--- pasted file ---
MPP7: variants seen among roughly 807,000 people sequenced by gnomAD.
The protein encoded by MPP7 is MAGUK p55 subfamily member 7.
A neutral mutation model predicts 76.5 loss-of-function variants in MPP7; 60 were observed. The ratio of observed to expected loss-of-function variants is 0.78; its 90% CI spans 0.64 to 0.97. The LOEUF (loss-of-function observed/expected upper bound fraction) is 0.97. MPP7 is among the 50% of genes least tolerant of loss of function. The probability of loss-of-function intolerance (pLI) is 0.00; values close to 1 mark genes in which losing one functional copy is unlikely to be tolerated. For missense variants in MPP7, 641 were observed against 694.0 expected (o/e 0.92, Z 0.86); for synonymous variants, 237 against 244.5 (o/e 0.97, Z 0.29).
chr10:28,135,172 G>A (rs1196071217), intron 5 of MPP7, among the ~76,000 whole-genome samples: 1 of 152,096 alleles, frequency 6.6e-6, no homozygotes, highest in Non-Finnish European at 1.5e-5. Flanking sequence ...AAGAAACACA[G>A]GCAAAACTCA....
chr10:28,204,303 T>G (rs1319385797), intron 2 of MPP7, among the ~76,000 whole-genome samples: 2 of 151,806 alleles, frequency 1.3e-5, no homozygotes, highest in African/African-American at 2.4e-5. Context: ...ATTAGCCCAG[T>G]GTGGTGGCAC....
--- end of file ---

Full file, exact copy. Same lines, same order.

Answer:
MPP7: variants seen among roughly 807,000 people sequenced by gnomAD.
The protein encoded by MPP7 is MAGUK p55 subfamily member 7.
A neutral mutation model predicts 76.5 loss-of-function variants in MPP7; 60 were observed. The ratio of observed to expected loss-of-function variants is 0.78; its 90% CI spans 0.64 to 0.97. The LOEUF (loss-of-function observed/expected upper bound fraction) is 0.97. MPP7 is among the 50% of genes least tolerant of loss of function. The probability of loss-of-function intolerance (pLI) is 0.00; values close to 1 mark genes in which losing one functional copy is unlikely to be tolerated. For missense variants in MPP7, 641 were observed against 694.0 expected (o/e 0.92, Z 0.86); for synonymous variants, 237 against 244.5 (o/e 0.97, Z 0.29).
chr10:28,135,172 G>A (rs1196071217), intron 5 of MPP7, among the ~76,000 whole-genome samples: 1 of 152,096 alleles, frequency 6.6e-6, no homozygotes, highest in Non-Finnish European at 1.5e-5. Flanking sequence ...AAGAAACACA[G>A]GCAAAACTCA....
chr10:28,204,303 T>G (rs1319385797), intron 2 of MPP7, among the ~76,000 whole-genome samples: 2 of 151,806 alleles, frequency 1.3e-5, no homozygotes, highest in African/African-American at 2.4e-5. Context: ...ATTAGCCCAG[T>G]GTGGTGGCAC....